Question: We contracted to pour a 22x38-foot slab in an existing basement. Because of headroom, it was decided the slab would be an 8-bag grout mix only 2 inches thick. We used #3 rebars 30 inches on center the long way and poured over an existing concrete floor. The existing floor was badly cracked, but reasonably true and showed no signs of ever having settled or shifted.Within two months the new slab developed many shrinkage cracks, but the puzzling thing was one crack that ran generally lengthwise approximately in the center. About 15 feet of this crack was displaced vertically nearly one-quarter of an inch. Why would one side of the new slab raise like this in the center? The existing slab was probably at least 25 years old. The new slab was poured in warm weather, about mid-May, and because there was a building over the basement, curing conditions were quite good.

Answer: The vertical displacement is probably due to curling of one side of the topping. Perhaps it bonded on one side of the crack but not on the other. If you tap the topping near the raised edge and hear a hollow sound, it's a good indication that the edges are curled. Curling is caused by uneven shrinkage of slab concrete. The top dries and shrinks more than the bottom of the slab or topping. This tends to lift the edges. If there isn't a good bond between the topping and the base concrete, the topping can raise up near a crack or at an edge. A sand-cement grout has a high shrinkage potential because of the high water and cement content.

The greater the shrinkage, the greater the possibility that curling will occur. Eugene Boeke of Beers Construction Company in Atlanta gives this advice for avoiding the curling problem with toppings:

  • Thoroughly clean the old floor. Waterblasting or sandblasting will work.
  • Wet the old floor for at least 12 hours by spraying it and covering it with wet burlap.
  • Just before applying the topping, scrub the floor with a slurry of neat cement, bonding agent, and water. Use a stiff bristle broom and lots of elbow grease.
  • Use the largest possible aggregate size for the topping mix, the lowest possible slump, and the lowest strength mix you can still work and finish. Boeke uses a 2500- or 3000-psi concrete. If the strength is less than that, his finishers have trouble closing the surface. Low strength, low slump, and large aggregate reduce the amount of water and cement in the mix. This reduces shrinkage.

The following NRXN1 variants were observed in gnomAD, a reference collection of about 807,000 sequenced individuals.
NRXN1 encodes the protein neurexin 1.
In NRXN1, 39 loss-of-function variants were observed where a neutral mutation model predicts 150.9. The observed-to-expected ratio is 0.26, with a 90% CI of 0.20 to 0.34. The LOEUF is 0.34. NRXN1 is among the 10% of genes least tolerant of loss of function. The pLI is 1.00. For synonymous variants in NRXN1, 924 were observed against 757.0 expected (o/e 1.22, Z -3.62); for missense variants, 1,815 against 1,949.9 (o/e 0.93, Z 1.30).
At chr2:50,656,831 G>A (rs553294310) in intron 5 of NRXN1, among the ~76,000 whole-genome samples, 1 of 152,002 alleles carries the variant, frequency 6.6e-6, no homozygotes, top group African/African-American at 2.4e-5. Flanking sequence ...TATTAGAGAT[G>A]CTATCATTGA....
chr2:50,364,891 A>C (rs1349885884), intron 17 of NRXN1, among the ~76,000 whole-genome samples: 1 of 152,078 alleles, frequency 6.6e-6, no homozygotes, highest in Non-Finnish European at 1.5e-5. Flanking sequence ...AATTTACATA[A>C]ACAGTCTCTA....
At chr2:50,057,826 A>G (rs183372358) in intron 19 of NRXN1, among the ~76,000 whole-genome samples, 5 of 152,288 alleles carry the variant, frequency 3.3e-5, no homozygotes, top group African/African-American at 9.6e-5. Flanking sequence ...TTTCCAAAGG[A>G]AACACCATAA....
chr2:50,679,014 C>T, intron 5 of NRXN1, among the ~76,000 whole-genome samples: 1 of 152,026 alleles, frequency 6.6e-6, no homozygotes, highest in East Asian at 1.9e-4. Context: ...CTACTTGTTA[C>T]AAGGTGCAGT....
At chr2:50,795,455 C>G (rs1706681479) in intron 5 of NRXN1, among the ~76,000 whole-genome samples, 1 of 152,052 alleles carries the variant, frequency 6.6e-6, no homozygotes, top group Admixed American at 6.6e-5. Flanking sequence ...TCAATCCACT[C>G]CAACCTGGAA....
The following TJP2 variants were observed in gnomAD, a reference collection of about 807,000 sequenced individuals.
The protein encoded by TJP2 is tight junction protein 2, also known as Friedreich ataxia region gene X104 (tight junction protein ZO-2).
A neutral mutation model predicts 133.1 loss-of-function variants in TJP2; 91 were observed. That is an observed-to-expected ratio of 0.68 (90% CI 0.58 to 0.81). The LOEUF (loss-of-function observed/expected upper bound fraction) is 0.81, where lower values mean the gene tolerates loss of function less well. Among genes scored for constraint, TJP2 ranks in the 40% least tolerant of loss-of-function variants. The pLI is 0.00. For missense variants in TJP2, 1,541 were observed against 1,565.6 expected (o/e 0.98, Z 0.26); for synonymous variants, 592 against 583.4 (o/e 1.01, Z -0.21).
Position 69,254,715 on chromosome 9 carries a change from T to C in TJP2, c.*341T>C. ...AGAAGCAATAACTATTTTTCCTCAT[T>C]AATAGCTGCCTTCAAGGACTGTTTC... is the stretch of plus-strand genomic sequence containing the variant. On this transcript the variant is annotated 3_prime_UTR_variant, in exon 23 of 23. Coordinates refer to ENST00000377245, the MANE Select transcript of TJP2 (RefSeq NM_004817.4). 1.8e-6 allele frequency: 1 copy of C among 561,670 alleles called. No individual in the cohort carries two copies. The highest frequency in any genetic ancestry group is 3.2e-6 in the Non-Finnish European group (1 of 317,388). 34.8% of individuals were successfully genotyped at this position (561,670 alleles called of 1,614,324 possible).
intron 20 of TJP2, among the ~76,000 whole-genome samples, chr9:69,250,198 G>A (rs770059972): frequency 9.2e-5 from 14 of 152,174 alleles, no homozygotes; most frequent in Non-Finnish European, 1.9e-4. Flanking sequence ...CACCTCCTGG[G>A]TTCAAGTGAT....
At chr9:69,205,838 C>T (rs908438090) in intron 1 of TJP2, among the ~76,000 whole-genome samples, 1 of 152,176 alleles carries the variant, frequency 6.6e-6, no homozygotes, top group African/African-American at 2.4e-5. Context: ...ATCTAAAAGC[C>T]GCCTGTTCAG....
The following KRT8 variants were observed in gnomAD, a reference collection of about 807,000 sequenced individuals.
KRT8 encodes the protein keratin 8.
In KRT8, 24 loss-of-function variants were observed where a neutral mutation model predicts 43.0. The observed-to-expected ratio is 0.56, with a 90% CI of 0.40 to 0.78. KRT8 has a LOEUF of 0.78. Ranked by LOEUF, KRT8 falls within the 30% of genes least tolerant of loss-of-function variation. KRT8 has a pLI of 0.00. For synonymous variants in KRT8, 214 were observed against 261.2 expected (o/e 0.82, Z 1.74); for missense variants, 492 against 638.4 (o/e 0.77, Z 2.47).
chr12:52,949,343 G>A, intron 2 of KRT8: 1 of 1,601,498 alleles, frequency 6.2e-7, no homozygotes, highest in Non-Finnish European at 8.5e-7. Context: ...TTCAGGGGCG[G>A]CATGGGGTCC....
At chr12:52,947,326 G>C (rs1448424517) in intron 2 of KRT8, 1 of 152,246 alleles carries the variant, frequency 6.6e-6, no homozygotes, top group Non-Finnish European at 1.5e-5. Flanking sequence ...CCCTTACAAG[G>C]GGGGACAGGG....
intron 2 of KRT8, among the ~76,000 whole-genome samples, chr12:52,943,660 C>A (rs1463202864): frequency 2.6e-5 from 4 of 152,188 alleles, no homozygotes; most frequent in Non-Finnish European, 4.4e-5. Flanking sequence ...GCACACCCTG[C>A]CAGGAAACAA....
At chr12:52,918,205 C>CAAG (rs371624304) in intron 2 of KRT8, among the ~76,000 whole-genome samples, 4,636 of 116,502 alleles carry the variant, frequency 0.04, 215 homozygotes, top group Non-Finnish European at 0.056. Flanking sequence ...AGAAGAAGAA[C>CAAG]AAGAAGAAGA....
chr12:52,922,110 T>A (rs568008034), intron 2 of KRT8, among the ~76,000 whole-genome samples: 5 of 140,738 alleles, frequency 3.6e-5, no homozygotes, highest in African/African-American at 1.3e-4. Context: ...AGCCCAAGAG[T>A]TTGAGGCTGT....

• Cut joints on a grid pattern after the topping is placed. Make them about 3/4 inch deep and 8 to 12 feet apart. These can later be closed by the finishers but will still give a plane of weakness and prevent major curling. Some people saw the joints after 12 hours.
  • Apply a good quality curing compound immediately after finishing is completed. Use twice the recommended application rate.

Boeke's crews have also had good results with a system they use for tying down the corners of a day's topping pour. They shoot three studs into the substrate using a triangular pattern as shown in the drawing (below). The studs are about 8 inches apart and 6 to 8 inches away from the edge at each corner. They are wrapped and laced with tie wire before the topping concrete placed. This helps hold down the corners. If reinforcement is needed only for crack control, Boeke generally uses polypropylene fibers in the topping rather than small diameter rebars. If the reinforcement is for structural purposes, an engineer should determine the bar size and spacing required.